Once more I wake to the sound of birdsongs. Must be … yes, the clock says 4:01 in the morning. Where am I: in bed, busy night of dreams. What is today: Tuesday I think; the wind has let up, sunshine maybe? How is my body: aching from yesterday’s workout, a little neck pain, otherwise fine. What’s ahead: physio at 9, lunch with D, afterwards a 3-hour volunteer shift, later coffee and what’s left of the weekend NY Times … ha! And your own day? Chock-a-block with appointments, commitments, routines tasks and responsibilities? Ha!
All this is imagined. None of it certain. How much of any given day, week, life is all charted out in our minds, only to be shattered by the unexpected? Do you know what news the next phone call will bring? Can you predict what’ll happen when you cross the street to get to work this morning? Did Petty Officer Craig Blake know that he’d be killed by an improvised explosive device in Afghanistan yesterday?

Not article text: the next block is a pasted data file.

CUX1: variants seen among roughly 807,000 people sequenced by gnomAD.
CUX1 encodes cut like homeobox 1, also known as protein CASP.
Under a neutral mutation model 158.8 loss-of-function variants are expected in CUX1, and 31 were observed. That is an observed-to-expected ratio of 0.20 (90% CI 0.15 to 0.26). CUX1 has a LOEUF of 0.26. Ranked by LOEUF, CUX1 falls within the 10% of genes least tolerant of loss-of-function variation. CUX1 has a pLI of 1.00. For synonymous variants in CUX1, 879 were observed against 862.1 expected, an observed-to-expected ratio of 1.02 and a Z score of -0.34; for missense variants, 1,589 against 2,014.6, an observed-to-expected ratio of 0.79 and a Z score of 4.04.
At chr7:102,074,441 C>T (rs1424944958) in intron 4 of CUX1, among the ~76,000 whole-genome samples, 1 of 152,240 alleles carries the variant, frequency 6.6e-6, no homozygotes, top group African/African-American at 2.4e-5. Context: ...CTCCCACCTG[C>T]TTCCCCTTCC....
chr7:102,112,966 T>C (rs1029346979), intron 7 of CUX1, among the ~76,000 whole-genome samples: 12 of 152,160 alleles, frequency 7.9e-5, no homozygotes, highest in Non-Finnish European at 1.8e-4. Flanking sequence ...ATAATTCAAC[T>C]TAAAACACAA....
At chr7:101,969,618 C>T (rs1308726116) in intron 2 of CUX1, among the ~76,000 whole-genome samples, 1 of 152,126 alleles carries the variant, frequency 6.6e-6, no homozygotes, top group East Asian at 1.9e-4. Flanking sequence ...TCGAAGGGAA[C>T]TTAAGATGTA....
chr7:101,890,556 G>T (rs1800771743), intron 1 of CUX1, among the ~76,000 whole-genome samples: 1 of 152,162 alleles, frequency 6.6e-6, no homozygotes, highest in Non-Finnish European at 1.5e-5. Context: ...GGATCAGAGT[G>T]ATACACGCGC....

All we know, at best, is what’s happening this very moment. And that only if we pay attention. Do it now, please. Stop whatever occupies you right now. Sit still, cease all busyness. Notice your body — without looking, become aware of your feet on the ground, your hands resting, you neck, your shoulders, your belly. Now your breath — inhale through the nose, feel air entering your body, expanding your chest, let it fill your abdomen; then exhale slowly.
Do this three times, slowly, deliberately. Gently escort your mind’s attention to where the breath enters and departs — rising and falling, expanding contracting. Nothing else. For just this moment. Everything else is added-on, unknown.
May your day go well.